Thanksgiving in IrelandDublin-TCD, Fall 2009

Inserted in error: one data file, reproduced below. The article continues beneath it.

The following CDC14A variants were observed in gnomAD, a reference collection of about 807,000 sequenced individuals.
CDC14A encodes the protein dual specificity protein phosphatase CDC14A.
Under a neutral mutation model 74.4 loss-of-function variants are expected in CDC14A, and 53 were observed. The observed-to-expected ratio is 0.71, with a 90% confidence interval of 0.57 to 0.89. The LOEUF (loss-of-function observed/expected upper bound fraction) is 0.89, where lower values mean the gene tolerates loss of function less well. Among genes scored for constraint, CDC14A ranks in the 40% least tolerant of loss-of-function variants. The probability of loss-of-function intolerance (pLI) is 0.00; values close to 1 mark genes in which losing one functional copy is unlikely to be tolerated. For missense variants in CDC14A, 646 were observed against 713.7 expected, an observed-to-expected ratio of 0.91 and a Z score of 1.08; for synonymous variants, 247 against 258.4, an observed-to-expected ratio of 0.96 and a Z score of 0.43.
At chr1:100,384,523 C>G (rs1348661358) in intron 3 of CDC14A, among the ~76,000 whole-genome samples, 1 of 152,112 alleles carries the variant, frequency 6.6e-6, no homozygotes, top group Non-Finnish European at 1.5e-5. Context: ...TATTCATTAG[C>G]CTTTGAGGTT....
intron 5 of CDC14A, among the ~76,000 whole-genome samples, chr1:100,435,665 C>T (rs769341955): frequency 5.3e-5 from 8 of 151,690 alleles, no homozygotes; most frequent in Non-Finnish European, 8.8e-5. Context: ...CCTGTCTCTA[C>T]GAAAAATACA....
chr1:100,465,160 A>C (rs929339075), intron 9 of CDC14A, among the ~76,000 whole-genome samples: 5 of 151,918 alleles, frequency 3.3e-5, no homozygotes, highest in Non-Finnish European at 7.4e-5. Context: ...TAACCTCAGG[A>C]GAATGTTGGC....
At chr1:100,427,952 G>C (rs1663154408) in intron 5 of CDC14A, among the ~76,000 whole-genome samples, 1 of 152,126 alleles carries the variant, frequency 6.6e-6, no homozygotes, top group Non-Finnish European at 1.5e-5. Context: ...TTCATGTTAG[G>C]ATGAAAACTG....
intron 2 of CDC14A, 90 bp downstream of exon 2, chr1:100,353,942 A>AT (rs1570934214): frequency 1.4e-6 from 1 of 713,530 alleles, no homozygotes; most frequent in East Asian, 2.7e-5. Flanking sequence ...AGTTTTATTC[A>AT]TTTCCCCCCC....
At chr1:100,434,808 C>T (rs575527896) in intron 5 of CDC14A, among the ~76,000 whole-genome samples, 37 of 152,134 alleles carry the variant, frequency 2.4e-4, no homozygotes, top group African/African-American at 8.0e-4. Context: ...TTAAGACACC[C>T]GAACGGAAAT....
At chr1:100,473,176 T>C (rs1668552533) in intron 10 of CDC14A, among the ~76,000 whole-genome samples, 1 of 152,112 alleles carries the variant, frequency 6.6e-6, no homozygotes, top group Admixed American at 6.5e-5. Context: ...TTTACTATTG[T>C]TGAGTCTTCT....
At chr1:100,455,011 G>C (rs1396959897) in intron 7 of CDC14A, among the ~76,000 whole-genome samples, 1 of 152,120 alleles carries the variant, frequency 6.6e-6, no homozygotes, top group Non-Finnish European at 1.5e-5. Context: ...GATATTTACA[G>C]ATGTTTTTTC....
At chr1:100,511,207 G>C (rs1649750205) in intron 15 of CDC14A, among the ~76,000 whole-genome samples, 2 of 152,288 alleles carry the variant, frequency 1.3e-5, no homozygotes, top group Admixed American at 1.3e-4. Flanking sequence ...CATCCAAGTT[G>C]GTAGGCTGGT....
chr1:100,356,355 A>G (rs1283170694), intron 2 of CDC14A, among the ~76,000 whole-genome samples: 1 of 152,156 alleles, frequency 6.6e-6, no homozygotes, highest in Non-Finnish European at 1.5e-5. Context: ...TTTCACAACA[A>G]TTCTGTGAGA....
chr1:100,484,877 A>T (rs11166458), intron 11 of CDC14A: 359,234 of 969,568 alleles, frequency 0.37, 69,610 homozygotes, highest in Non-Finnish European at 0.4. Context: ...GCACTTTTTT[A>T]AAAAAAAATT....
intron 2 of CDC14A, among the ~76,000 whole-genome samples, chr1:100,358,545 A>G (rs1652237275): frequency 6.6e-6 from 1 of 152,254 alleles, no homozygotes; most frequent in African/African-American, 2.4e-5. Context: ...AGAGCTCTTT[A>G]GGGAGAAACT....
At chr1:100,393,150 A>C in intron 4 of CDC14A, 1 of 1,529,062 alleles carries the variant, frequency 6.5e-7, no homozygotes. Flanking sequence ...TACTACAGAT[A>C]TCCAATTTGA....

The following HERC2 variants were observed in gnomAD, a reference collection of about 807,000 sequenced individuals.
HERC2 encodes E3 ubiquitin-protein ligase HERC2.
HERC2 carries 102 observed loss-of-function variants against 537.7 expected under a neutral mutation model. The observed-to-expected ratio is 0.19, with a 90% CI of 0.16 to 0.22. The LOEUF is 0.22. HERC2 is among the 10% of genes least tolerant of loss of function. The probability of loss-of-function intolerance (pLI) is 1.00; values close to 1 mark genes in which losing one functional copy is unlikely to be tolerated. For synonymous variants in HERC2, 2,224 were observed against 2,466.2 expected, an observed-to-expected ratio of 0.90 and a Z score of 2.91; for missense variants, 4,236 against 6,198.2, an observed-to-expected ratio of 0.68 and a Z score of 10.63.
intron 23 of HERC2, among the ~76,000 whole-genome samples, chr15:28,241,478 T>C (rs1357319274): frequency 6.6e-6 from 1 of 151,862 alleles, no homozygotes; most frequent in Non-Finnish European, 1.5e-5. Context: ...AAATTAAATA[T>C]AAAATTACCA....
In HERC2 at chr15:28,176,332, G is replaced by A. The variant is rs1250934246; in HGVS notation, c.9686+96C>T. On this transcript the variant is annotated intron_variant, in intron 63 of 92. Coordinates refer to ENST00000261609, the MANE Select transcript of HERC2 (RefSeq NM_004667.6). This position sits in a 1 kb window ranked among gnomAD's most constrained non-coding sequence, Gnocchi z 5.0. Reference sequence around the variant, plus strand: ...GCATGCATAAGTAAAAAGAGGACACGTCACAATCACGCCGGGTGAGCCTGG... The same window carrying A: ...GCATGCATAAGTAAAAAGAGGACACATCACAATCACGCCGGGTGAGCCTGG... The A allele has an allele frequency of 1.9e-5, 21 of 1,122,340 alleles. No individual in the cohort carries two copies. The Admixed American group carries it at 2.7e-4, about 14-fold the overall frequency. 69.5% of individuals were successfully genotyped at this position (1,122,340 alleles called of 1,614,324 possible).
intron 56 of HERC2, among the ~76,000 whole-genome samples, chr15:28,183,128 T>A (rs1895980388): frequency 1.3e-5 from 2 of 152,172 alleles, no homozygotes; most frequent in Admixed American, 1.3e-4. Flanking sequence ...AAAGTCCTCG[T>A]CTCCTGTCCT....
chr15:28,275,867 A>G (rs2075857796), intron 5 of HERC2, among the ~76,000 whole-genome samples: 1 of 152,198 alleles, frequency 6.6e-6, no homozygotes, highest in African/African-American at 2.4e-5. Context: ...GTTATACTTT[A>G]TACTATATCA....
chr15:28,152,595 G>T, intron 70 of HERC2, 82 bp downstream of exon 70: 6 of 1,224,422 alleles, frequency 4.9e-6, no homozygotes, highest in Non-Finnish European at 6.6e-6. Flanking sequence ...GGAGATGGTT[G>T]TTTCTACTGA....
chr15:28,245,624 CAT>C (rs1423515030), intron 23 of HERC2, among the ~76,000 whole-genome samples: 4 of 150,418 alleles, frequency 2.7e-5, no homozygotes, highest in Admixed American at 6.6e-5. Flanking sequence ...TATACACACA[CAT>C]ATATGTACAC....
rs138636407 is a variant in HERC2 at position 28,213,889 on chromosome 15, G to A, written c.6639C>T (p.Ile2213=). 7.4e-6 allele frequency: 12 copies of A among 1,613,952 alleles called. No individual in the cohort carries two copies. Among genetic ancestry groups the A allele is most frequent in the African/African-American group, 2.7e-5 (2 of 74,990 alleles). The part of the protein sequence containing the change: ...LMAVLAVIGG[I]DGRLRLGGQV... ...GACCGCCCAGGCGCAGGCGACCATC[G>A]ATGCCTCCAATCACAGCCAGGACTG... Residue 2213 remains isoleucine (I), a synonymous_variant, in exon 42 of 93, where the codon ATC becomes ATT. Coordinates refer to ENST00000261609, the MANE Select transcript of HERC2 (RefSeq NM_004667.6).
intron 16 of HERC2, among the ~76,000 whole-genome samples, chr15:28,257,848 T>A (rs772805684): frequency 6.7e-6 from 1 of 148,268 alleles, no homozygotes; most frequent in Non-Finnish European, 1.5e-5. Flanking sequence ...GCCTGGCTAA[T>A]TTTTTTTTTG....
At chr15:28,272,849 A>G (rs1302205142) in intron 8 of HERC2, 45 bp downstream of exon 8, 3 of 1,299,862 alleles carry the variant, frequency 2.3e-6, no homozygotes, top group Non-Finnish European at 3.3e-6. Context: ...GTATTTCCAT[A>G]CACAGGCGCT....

It's been quite a productive weekend.  I know it's a big weekend in the States, with Thanksgiving and Black Friday and the traditional Christmas decorating happening sometime this weekend.  Don't think that just because I'm over here, I've forgotten any of these traditions - quite the opposite in fact.  I managed to celebrate all of these great American traditions, despite their absence in Irish culture.  Details of each will come in installments - small bites for those of you with short attention spans. First, for Thanksgiving, we decided to attempt to cook our own meal.  Justine was with her friends horseback riding in the morning and had asked if I would be around to throw the chicken in the oven if they weren't back in time.  Yes, I would be happy to do that.  We bought a whole chicken because turkey generally isn't available until Christmastime and the ones that were available were way out of our 11 euros a day budget (we're at the tail end of the semester, and so the tail end of the funds!).  I went to the IES pie party that I mentioned earlier and ate a delicious piece of pumpkin pie (made by an American, the IES staff was courteous enough to make sure of that!), not as good as Dad's but good enough.    I returned home and sure enough Justine and her crew were late returning from their horseback trek.  "Jess will you throw the chicken in the oven, at 350 F, just put it in the pan with some oil."  Alright, here goes nothing.  I took the wrapping off the chicken and put it in the pan.  I rubbed some oil on it, just like Justine had instructed and then had to resort to Google to check the F to C conversion.  While I was searching I thought it might be best to also look up "how to roast a chicken."  I certainly was not going to be the cause of a failed Thanksgiving bird.  The instructions were more of a crutch, turns out I had it pretty much under control.  Per's suggestion, I buttered the bird in addition to the oil and salted and peppered it as well.  (Keep in mind I'm alone in the apartment in festive holiday attire with Christmas music blaring from my laptop).  Then I came across instruction 4.  Remove the giblets.  Ok, I thought, I've heard of these before in the turkey.  Well I looked and looked for those giblets and after tugging on what turned out to be the neck for a length of time, determined my chicken was gibletless.  All this buttering and seasoning and giblet searching allowed enough time for the oven to heat up and in went the bird.  Two and a half hours, a few bastings, stuffing, mashed potatoes, corn and rolls later and  and viola!  Our first Thanksgiving meal and the table setting paints the perfect picture of our simple lifestyle here.  We served the corn from cereal bowls.  Drank our wine from confiscated pint glasses.  Scooped the mashed potatoes from a tupperware container.  Scraped butter straight from the stick still in its wrapper.  Laughed. Shared traditions.  Basked in our accomplishment.  And ate.
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